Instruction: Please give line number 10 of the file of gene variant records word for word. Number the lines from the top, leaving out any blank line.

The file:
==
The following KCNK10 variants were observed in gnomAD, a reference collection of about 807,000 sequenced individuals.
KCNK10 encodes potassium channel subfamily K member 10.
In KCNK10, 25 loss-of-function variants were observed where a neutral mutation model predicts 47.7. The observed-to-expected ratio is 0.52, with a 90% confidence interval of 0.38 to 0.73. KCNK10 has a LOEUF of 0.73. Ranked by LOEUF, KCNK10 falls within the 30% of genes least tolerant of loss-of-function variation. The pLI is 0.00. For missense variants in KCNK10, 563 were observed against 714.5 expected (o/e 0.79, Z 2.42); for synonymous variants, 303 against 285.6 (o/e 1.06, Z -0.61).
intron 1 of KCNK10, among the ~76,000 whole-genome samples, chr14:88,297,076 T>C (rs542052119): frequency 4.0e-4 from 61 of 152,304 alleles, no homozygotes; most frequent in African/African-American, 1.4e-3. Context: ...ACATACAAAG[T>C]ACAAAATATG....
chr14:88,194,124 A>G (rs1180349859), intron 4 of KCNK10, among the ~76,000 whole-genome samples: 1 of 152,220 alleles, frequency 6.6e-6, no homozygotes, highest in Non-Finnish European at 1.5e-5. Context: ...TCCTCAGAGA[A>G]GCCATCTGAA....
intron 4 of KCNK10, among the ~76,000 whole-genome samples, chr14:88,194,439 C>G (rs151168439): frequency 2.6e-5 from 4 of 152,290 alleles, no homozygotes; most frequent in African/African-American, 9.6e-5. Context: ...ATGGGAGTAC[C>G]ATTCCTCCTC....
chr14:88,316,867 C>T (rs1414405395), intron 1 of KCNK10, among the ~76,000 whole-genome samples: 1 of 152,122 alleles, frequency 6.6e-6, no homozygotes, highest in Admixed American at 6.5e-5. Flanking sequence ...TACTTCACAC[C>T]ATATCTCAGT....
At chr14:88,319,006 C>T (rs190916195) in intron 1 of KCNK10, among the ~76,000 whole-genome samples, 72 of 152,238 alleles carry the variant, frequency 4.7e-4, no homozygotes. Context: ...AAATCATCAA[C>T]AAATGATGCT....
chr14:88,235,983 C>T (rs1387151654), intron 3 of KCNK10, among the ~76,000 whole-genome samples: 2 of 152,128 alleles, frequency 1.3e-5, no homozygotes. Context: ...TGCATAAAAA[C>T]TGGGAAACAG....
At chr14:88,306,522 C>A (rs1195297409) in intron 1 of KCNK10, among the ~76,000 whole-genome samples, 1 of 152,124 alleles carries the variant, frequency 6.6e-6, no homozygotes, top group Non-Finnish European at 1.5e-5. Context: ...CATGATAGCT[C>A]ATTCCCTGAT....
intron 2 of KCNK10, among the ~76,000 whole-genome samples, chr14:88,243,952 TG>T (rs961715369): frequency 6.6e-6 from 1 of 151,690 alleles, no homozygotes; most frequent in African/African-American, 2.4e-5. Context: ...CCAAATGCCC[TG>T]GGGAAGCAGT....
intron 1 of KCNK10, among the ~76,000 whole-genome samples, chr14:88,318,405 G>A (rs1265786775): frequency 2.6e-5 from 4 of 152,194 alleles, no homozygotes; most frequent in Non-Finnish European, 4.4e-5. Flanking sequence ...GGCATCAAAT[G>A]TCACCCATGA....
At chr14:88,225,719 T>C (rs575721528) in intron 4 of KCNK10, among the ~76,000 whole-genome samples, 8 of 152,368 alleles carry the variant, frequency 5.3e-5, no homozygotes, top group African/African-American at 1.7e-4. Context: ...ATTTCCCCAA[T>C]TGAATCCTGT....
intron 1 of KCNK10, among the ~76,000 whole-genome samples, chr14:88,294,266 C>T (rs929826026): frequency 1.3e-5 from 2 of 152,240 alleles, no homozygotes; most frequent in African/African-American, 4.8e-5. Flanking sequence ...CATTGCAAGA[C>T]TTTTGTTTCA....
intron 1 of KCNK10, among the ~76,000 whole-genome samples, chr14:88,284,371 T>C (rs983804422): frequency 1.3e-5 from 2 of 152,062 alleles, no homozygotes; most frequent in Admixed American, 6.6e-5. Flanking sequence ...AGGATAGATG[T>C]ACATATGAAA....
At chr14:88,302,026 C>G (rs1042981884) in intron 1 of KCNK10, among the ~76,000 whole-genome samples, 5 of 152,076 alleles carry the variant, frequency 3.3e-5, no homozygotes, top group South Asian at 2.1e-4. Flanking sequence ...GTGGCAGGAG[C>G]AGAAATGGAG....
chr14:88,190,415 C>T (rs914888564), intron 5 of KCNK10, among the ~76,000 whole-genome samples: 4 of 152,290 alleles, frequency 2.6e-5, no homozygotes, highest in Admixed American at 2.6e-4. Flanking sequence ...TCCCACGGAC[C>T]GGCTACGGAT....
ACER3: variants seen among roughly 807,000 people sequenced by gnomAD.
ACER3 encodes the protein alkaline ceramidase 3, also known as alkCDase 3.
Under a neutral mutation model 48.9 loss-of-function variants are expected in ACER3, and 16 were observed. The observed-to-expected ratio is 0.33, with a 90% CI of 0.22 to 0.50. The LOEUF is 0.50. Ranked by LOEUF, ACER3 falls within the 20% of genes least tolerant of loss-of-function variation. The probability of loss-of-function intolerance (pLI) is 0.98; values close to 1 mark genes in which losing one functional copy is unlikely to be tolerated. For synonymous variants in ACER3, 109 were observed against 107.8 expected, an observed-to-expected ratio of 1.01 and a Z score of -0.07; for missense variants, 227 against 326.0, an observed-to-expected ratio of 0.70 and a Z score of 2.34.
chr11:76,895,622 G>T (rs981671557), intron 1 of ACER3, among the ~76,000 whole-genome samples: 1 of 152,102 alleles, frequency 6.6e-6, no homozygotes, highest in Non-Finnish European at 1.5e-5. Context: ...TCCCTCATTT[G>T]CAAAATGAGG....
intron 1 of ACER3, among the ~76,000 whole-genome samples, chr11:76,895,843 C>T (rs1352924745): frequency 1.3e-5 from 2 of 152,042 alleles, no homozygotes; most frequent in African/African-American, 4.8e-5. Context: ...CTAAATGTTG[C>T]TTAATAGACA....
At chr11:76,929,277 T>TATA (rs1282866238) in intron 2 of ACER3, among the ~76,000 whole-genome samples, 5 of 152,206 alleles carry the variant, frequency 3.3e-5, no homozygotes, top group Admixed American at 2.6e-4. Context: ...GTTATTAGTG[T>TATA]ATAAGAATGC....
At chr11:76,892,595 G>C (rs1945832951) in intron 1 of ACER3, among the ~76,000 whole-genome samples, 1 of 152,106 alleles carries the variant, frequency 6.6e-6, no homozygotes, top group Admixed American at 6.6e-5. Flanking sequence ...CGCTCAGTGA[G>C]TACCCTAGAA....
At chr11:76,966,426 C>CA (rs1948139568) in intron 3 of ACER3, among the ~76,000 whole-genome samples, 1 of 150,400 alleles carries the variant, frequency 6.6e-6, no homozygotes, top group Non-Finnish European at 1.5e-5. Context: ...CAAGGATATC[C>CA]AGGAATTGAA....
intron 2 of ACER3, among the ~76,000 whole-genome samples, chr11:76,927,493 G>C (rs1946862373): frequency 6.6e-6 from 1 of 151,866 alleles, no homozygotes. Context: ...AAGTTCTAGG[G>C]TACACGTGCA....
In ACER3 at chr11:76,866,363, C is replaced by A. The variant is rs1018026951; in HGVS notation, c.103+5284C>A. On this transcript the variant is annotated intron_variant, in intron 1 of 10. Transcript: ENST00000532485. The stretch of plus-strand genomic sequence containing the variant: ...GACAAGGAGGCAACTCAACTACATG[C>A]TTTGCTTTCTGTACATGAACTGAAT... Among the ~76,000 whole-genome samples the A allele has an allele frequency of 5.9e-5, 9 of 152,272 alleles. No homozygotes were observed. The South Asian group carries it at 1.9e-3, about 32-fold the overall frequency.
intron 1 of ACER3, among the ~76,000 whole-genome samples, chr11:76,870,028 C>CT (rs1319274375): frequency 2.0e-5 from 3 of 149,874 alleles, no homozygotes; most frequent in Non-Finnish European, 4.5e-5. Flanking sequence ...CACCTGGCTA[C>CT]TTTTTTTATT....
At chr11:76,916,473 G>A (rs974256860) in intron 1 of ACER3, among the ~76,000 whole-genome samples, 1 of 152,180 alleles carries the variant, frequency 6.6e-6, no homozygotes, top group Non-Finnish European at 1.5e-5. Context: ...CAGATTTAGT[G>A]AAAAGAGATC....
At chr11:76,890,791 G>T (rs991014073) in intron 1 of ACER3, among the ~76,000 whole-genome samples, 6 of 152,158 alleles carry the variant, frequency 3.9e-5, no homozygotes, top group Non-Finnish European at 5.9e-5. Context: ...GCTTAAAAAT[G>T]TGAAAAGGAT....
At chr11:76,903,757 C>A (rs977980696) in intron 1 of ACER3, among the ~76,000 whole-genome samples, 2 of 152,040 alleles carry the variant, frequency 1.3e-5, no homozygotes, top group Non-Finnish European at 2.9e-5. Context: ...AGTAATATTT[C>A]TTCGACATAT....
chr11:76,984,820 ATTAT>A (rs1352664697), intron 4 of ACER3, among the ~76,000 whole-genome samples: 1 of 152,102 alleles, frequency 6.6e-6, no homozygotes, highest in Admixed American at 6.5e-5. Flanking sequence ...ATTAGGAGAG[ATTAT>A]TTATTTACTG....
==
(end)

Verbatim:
At chr14:88,306,522 C>A (rs1195297409) in intron 1 of KCNK10, among the ~76,000 whole-genome samples, 1 of 152,124 alleles carries the variant, frequency 6.6e-6, no homozygotes, top group Non-Finnish European at 1.5e-5. Context: ...CATGATAGCT[C>A]ATTCCCTGAT....